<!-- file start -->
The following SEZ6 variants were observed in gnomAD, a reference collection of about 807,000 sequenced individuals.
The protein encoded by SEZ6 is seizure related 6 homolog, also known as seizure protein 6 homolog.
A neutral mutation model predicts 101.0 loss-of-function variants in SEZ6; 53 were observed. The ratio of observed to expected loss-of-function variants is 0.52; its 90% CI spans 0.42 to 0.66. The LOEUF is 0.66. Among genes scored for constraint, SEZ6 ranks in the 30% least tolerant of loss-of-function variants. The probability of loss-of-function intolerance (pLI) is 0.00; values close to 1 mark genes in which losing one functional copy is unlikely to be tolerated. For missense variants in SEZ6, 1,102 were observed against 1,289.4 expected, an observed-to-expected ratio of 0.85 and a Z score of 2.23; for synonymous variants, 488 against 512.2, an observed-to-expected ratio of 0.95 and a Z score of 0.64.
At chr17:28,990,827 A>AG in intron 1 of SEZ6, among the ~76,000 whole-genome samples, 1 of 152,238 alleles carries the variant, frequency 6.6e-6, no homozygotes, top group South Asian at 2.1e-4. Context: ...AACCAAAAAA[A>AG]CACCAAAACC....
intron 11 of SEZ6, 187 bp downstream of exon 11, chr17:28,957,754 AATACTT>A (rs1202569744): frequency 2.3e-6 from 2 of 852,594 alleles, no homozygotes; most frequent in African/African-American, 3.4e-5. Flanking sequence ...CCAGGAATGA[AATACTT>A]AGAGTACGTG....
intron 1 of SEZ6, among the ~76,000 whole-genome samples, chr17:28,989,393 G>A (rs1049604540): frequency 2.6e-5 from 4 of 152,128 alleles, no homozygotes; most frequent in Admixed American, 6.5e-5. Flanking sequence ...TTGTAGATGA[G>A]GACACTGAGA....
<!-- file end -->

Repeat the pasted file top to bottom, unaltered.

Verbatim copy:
The following SEZ6 variants were observed in gnomAD, a reference collection of about 807,000 sequenced individuals.
The protein encoded by SEZ6 is seizure related 6 homolog, also known as seizure protein 6 homolog.
A neutral mutation model predicts 101.0 loss-of-function variants in SEZ6; 53 were observed. The ratio of observed to expected loss-of-function variants is 0.52; its 90% CI spans 0.42 to 0.66. The LOEUF is 0.66. Among genes scored for constraint, SEZ6 ranks in the 30% least tolerant of loss-of-function variants. The probability of loss-of-function intolerance (pLI) is 0.00; values close to 1 mark genes in which losing one functional copy is unlikely to be tolerated. For missense variants in SEZ6, 1,102 were observed against 1,289.4 expected, an observed-to-expected ratio of 0.85 and a Z score of 2.23; for synonymous variants, 488 against 512.2, an observed-to-expected ratio of 0.95 and a Z score of 0.64.
At chr17:28,990,827 A>AG in intron 1 of SEZ6, among the ~76,000 whole-genome samples, 1 of 152,238 alleles carries the variant, frequency 6.6e-6, no homozygotes, top group South Asian at 2.1e-4. Context: ...AACCAAAAAA[A>AG]CACCAAAACC....
intron 11 of SEZ6, 187 bp downstream of exon 11, chr17:28,957,754 AATACTT>A (rs1202569744): frequency 2.3e-6 from 2 of 852,594 alleles, no homozygotes; most frequent in African/African-American, 3.4e-5. Flanking sequence ...CCAGGAATGA[AATACTT>A]AGAGTACGTG....
intron 1 of SEZ6, among the ~76,000 whole-genome samples, chr17:28,989,393 G>A (rs1049604540): frequency 2.6e-5 from 4 of 152,128 alleles, no homozygotes; most frequent in Admixed American, 6.5e-5. Flanking sequence ...TTGTAGATGA[G>A]GACACTGAGA....